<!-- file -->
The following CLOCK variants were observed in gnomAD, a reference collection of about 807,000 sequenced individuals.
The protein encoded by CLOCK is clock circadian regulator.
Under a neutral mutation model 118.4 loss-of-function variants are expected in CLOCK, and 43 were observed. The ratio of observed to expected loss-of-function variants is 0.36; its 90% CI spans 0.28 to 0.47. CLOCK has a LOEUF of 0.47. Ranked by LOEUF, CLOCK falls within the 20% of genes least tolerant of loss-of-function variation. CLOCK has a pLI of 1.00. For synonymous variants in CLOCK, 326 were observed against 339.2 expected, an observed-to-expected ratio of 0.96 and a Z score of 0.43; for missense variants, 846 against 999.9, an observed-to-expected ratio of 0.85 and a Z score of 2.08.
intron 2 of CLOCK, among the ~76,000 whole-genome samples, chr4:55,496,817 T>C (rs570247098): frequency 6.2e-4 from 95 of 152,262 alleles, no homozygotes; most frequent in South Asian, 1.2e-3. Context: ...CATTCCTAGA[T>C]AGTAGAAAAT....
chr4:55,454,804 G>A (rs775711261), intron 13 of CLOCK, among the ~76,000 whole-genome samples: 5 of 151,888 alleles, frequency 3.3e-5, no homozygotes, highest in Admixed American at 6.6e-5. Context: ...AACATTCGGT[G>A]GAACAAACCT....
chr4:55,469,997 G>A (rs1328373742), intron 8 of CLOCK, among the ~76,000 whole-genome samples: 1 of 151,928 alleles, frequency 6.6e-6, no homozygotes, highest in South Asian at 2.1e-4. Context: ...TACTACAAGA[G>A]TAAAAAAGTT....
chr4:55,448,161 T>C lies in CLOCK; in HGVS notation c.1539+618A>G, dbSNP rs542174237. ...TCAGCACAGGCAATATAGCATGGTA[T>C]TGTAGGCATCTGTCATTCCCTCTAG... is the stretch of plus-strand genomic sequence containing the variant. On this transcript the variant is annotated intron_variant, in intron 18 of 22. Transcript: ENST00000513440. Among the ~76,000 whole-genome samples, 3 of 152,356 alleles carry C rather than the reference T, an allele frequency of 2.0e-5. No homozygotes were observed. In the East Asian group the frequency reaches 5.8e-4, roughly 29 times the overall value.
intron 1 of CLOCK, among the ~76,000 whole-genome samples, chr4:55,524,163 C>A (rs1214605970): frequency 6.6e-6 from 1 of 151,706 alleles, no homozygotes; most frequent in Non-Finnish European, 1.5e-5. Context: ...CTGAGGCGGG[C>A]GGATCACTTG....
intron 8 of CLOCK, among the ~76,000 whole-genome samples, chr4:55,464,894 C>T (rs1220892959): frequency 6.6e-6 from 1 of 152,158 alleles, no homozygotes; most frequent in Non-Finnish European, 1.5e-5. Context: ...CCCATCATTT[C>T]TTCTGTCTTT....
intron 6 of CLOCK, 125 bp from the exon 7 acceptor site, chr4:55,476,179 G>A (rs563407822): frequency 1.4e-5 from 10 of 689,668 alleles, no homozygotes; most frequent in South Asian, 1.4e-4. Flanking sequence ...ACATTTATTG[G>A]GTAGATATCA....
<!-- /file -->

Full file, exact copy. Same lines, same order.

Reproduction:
The following CLOCK variants were observed in gnomAD, a reference collection of about 807,000 sequenced individuals.
The protein encoded by CLOCK is clock circadian regulator.
Under a neutral mutation model 118.4 loss-of-function variants are expected in CLOCK, and 43 were observed. The ratio of observed to expected loss-of-function variants is 0.36; its 90% CI spans 0.28 to 0.47. CLOCK has a LOEUF of 0.47. Ranked by LOEUF, CLOCK falls within the 20% of genes least tolerant of loss-of-function variation. CLOCK has a pLI of 1.00. For synonymous variants in CLOCK, 326 were observed against 339.2 expected, an observed-to-expected ratio of 0.96 and a Z score of 0.43; for missense variants, 846 against 999.9, an observed-to-expected ratio of 0.85 and a Z score of 2.08.
intron 2 of CLOCK, among the ~76,000 whole-genome samples, chr4:55,496,817 T>C (rs570247098): frequency 6.2e-4 from 95 of 152,262 alleles, no homozygotes; most frequent in South Asian, 1.2e-3. Context: ...CATTCCTAGA[T>C]AGTAGAAAAT....
chr4:55,454,804 G>A (rs775711261), intron 13 of CLOCK, among the ~76,000 whole-genome samples: 5 of 151,888 alleles, frequency 3.3e-5, no homozygotes, highest in Admixed American at 6.6e-5. Context: ...AACATTCGGT[G>A]GAACAAACCT....
chr4:55,469,997 G>A (rs1328373742), intron 8 of CLOCK, among the ~76,000 whole-genome samples: 1 of 151,928 alleles, frequency 6.6e-6, no homozygotes, highest in South Asian at 2.1e-4. Context: ...TACTACAAGA[G>A]TAAAAAAGTT....
chr4:55,448,161 T>C lies in CLOCK; in HGVS notation c.1539+618A>G, dbSNP rs542174237. ...TCAGCACAGGCAATATAGCATGGTA[T>C]TGTAGGCATCTGTCATTCCCTCTAG... is the stretch of plus-strand genomic sequence containing the variant. On this transcript the variant is annotated intron_variant, in intron 18 of 22. Transcript: ENST00000513440. Among the ~76,000 whole-genome samples, 3 of 152,356 alleles carry C rather than the reference T, an allele frequency of 2.0e-5. No homozygotes were observed. In the East Asian group the frequency reaches 5.8e-4, roughly 29 times the overall value.
intron 1 of CLOCK, among the ~76,000 whole-genome samples, chr4:55,524,163 C>A (rs1214605970): frequency 6.6e-6 from 1 of 151,706 alleles, no homozygotes; most frequent in Non-Finnish European, 1.5e-5. Context: ...CTGAGGCGGG[C>A]GGATCACTTG....
intron 8 of CLOCK, among the ~76,000 whole-genome samples, chr4:55,464,894 C>T (rs1220892959): frequency 6.6e-6 from 1 of 152,158 alleles, no homozygotes; most frequent in Non-Finnish European, 1.5e-5. Context: ...CCCATCATTT[C>T]TTCTGTCTTT....
intron 6 of CLOCK, 125 bp from the exon 7 acceptor site, chr4:55,476,179 G>A (rs563407822): frequency 1.4e-5 from 10 of 689,668 alleles, no homozygotes; most frequent in South Asian, 1.4e-4. Flanking sequence ...ACATTTATTG[G>A]GTAGATATCA....